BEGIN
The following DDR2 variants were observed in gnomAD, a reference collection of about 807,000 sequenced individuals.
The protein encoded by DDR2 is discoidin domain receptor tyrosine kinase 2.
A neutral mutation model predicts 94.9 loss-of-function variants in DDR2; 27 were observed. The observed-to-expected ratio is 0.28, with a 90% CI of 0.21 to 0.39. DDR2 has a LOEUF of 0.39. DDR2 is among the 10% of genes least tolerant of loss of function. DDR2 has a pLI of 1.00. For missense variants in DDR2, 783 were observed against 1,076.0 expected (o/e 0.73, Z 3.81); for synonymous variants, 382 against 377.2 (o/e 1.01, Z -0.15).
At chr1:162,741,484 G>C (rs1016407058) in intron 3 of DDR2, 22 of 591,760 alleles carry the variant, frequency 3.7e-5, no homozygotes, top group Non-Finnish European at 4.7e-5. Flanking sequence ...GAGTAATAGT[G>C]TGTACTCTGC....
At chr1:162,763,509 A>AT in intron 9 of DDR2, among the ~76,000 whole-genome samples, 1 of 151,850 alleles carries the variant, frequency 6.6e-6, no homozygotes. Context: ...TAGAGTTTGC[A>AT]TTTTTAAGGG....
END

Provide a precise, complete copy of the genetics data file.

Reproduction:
The following DDR2 variants were observed in gnomAD, a reference collection of about 807,000 sequenced individuals.
The protein encoded by DDR2 is discoidin domain receptor tyrosine kinase 2.
A neutral mutation model predicts 94.9 loss-of-function variants in DDR2; 27 were observed. The observed-to-expected ratio is 0.28, with a 90% CI of 0.21 to 0.39. DDR2 has a LOEUF of 0.39. DDR2 is among the 10% of genes least tolerant of loss of function. DDR2 has a pLI of 1.00. For missense variants in DDR2, 783 were observed against 1,076.0 expected (o/e 0.73, Z 3.81); for synonymous variants, 382 against 377.2 (o/e 1.01, Z -0.15).
At chr1:162,741,484 G>C (rs1016407058) in intron 3 of DDR2, 22 of 591,760 alleles carry the variant, frequency 3.7e-5, no homozygotes, top group Non-Finnish European at 4.7e-5. Flanking sequence ...GAGTAATAGT[G>C]TGTACTCTGC....
At chr1:162,763,509 A>AT in intron 9 of DDR2, among the ~76,000 whole-genome samples, 1 of 151,850 alleles carries the variant, frequency 6.6e-6, no homozygotes. Context: ...TAGAGTTTGC[A>AT]TTTTTAAGGG....